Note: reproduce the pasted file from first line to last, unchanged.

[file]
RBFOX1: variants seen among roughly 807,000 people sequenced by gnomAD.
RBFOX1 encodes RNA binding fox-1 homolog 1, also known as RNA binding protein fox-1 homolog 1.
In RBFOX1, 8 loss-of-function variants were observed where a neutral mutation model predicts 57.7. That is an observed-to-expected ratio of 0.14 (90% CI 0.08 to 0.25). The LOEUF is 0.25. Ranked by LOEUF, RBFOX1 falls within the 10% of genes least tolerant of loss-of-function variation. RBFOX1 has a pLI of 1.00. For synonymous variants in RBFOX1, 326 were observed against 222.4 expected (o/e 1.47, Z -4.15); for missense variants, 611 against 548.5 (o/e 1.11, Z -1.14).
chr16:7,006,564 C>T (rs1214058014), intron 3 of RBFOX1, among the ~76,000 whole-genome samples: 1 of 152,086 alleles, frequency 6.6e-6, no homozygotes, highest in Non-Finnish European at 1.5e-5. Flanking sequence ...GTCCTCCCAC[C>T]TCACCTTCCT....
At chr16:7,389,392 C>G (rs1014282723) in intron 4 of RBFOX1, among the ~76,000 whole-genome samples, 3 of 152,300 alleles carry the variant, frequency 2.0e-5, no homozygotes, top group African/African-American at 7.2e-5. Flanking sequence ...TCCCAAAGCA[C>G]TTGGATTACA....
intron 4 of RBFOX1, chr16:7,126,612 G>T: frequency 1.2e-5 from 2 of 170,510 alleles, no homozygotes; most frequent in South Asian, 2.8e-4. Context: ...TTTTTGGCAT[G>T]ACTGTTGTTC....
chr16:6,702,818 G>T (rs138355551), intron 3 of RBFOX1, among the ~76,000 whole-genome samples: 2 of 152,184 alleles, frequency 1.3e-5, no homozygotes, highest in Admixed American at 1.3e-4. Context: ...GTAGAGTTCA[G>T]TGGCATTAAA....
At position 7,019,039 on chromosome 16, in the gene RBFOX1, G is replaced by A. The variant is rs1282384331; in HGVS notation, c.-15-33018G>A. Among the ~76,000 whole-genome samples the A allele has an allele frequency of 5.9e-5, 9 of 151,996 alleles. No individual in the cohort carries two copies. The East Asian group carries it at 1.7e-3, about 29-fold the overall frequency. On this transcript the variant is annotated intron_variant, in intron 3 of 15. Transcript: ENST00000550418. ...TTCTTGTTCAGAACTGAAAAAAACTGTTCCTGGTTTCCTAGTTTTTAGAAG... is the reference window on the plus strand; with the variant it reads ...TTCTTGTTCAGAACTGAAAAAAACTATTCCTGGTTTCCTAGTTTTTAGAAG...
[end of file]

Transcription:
RBFOX1: variants seen among roughly 807,000 people sequenced by gnomAD.
RBFOX1 encodes RNA binding fox-1 homolog 1, also known as RNA binding protein fox-1 homolog 1.
In RBFOX1, 8 loss-of-function variants were observed where a neutral mutation model predicts 57.7. That is an observed-to-expected ratio of 0.14 (90% CI 0.08 to 0.25). The LOEUF is 0.25. Ranked by LOEUF, RBFOX1 falls within the 10% of genes least tolerant of loss-of-function variation. RBFOX1 has a pLI of 1.00. For synonymous variants in RBFOX1, 326 were observed against 222.4 expected (o/e 1.47, Z -4.15); for missense variants, 611 against 548.5 (o/e 1.11, Z -1.14).
chr16:7,006,564 C>T (rs1214058014), intron 3 of RBFOX1, among the ~76,000 whole-genome samples: 1 of 152,086 alleles, frequency 6.6e-6, no homozygotes, highest in Non-Finnish European at 1.5e-5. Flanking sequence ...GTCCTCCCAC[C>T]TCACCTTCCT....
At chr16:7,389,392 C>G (rs1014282723) in intron 4 of RBFOX1, among the ~76,000 whole-genome samples, 3 of 152,300 alleles carry the variant, frequency 2.0e-5, no homozygotes, top group African/African-American at 7.2e-5. Flanking sequence ...TCCCAAAGCA[C>G]TTGGATTACA....
intron 4 of RBFOX1, chr16:7,126,612 G>T: frequency 1.2e-5 from 2 of 170,510 alleles, no homozygotes; most frequent in South Asian, 2.8e-4. Context: ...TTTTTGGCAT[G>T]ACTGTTGTTC....
chr16:6,702,818 G>T (rs138355551), intron 3 of RBFOX1, among the ~76,000 whole-genome samples: 2 of 152,184 alleles, frequency 1.3e-5, no homozygotes, highest in Admixed American at 1.3e-4. Context: ...GTAGAGTTCA[G>T]TGGCATTAAA....
At position 7,019,039 on chromosome 16, in the gene RBFOX1, G is replaced by A. The variant is rs1282384331; in HGVS notation, c.-15-33018G>A. Among the ~76,000 whole-genome samples the A allele has an allele frequency of 5.9e-5, 9 of 151,996 alleles. No individual in the cohort carries two copies. The East Asian group carries it at 1.7e-3, about 29-fold the overall frequency. On this transcript the variant is annotated intron_variant, in intron 3 of 15. Transcript: ENST00000550418. ...TTCTTGTTCAGAACTGAAAAAAACTGTTCCTGGTTTCCTAGTTTTTAGAAG... is the reference window on the plus strand; with the variant it reads ...TTCTTGTTCAGAACTGAAAAAAACTATTCCTGGTTTCCTAGTTTTTAGAAG...